Specifies whether other users can use, edit, or delete the client workspace specification. A Perforce administrator can override the lock with the -f (force) flag.
If you lock your client workspace specification, be sure to set a password for the workspace's owner using the p4 passwd command.
For files without the +m (modtime) file type modifier:
If modtime is set, the modification date (on the local filesystem) of a newly synced file is the dat­estamp on the file when the file was submitted to the depot.
If nomodtime is set, the modification date is the date and time of sync, regardless of Perforce cli­ent version.
For files with the +m (modtime) file type, the modification date (on the local filesystem) of a newly synced file is the datestamp on the file when the file was submitted to the depot, regardless of the setting of modtime or nomodtime on the client.
(date and time of sync).
Ignored for files with the +m file type modifier.
Specifies whether p4 sync deletes empty directories in a workspace if all files in the directory have been removed.
Configuring submit options
To control what happens to files in a changelist when you submit the changelist to the depot, set the SubmitOptions: field. Valid settings are as follows.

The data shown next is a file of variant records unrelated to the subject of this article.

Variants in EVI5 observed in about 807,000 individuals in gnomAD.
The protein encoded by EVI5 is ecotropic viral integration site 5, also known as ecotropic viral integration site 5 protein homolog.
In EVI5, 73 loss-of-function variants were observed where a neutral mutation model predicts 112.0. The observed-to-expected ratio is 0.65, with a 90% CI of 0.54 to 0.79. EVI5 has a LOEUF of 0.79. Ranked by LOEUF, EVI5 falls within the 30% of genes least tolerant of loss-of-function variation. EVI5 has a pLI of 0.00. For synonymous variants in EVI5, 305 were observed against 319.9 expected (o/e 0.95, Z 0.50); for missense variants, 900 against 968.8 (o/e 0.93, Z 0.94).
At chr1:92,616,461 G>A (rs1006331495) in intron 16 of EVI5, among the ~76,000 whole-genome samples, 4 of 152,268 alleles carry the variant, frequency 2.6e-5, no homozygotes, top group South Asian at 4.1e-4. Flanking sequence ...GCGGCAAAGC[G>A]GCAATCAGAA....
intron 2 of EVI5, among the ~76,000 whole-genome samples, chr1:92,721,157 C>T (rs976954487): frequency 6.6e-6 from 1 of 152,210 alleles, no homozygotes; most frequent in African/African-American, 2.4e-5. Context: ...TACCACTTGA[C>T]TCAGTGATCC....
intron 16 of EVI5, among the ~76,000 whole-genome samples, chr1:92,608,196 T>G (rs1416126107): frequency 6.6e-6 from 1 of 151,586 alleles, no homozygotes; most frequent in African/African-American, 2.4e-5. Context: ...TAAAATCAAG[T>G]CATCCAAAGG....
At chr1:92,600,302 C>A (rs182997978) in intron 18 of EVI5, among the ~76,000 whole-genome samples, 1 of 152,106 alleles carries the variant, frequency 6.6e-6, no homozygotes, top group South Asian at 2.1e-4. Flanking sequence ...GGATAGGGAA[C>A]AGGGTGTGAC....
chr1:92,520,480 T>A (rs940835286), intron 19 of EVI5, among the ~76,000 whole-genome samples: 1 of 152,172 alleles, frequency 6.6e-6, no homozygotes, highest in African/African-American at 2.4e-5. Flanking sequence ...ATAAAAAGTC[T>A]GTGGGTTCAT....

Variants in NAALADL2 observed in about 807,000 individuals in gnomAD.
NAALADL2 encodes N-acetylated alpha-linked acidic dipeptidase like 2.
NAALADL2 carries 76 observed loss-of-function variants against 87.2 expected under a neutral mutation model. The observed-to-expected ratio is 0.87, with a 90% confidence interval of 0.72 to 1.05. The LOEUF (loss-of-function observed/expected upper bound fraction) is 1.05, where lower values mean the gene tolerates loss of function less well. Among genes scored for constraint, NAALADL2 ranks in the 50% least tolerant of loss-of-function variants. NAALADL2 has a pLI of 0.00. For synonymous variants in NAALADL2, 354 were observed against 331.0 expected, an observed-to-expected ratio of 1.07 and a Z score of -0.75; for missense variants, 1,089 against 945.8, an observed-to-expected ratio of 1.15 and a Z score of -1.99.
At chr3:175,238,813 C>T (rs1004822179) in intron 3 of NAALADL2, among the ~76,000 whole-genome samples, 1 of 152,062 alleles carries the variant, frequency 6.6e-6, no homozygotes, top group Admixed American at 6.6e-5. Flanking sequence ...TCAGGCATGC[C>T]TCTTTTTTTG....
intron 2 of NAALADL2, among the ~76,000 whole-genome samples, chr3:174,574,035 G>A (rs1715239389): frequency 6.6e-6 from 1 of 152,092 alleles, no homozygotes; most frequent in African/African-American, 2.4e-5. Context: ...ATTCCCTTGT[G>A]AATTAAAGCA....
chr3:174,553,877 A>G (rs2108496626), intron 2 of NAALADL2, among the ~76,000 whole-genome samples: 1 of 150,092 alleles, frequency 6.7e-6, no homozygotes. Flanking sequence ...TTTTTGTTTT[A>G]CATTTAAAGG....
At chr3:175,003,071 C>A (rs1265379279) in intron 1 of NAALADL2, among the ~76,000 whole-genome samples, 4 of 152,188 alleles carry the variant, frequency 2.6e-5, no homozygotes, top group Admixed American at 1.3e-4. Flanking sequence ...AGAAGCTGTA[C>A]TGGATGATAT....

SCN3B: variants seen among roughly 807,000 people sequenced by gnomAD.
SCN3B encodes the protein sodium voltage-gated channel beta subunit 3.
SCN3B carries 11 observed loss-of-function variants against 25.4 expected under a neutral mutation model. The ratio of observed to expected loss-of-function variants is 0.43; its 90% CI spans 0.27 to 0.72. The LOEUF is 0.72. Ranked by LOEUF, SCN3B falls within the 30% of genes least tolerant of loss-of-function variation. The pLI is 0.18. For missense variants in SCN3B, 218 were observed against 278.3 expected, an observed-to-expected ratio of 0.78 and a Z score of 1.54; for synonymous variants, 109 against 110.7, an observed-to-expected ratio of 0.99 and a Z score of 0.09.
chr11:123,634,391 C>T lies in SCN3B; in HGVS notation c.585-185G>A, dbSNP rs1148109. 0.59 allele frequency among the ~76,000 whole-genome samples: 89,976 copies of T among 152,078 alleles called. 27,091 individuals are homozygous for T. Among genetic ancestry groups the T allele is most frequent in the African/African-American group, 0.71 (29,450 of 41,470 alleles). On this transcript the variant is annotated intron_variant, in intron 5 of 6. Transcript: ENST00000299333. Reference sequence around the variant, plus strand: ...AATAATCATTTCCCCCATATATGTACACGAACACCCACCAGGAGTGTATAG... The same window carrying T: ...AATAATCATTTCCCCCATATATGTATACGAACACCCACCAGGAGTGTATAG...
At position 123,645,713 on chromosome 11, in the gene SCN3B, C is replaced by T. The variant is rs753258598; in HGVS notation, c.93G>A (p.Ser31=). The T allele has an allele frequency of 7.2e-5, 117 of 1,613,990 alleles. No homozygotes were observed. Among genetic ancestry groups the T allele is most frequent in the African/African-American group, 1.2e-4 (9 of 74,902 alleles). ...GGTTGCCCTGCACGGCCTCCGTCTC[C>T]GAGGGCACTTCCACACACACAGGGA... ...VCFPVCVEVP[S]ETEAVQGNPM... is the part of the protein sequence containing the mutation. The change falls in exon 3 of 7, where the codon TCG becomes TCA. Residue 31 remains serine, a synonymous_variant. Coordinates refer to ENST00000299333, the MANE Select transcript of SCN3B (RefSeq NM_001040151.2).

All open files (with or without changes) are submitted to the depot, and all files are automatically reopened in the default changelist.
Only those files with content or type changes are submitted to the depot. Unchanged files are reverted.
Only those files with content or type changes are submitted to the depot and reopened in the default changelist. Unchanged files are reverted and not reopened in the default changelist.
Only those files with content or type changes are submitted to the depot. Any unchanged files are moved to the default changelist.
Only those files with content or type changes are submitted to the depot. Unchanged files are moved to the default changelist, and changed files are reopened in the default changelist.